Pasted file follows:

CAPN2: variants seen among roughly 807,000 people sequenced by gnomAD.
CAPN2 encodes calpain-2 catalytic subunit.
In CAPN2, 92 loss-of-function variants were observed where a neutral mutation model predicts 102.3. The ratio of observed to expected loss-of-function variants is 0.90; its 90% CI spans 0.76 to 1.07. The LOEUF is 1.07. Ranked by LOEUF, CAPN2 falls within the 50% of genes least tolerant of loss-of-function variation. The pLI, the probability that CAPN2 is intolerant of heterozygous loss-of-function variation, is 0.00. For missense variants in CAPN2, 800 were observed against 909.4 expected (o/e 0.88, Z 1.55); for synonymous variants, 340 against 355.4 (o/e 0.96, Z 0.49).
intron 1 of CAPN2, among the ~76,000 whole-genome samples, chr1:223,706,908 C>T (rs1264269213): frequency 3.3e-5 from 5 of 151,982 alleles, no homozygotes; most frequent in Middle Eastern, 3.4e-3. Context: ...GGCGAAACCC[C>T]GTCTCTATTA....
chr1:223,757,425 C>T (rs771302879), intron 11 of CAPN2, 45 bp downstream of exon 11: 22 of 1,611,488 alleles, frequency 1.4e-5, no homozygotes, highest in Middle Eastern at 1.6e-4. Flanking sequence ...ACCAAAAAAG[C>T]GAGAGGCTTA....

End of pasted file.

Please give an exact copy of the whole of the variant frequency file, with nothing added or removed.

CAPN2: variants seen among roughly 807,000 people sequenced by gnomAD.
CAPN2 encodes calpain-2 catalytic subunit.
In CAPN2, 92 loss-of-function variants were observed where a neutral mutation model predicts 102.3. The ratio of observed to expected loss-of-function variants is 0.90; its 90% CI spans 0.76 to 1.07. The LOEUF is 1.07. Ranked by LOEUF, CAPN2 falls within the 50% of genes least tolerant of loss-of-function variation. The pLI, the probability that CAPN2 is intolerant of heterozygous loss-of-function variation, is 0.00. For missense variants in CAPN2, 800 were observed against 909.4 expected (o/e 0.88, Z 1.55); for synonymous variants, 340 against 355.4 (o/e 0.96, Z 0.49).
intron 1 of CAPN2, among the ~76,000 whole-genome samples, chr1:223,706,908 C>T (rs1264269213): frequency 3.3e-5 from 5 of 151,982 alleles, no homozygotes; most frequent in Middle Eastern, 3.4e-3. Context: ...GGCGAAACCC[C>T]GTCTCTATTA....
chr1:223,757,425 C>T (rs771302879), intron 11 of CAPN2, 45 bp downstream of exon 11: 22 of 1,611,488 alleles, frequency 1.4e-5, no homozygotes, highest in Middle Eastern at 1.6e-4. Flanking sequence ...ACCAAAAAAG[C>T]GAGAGGCTTA....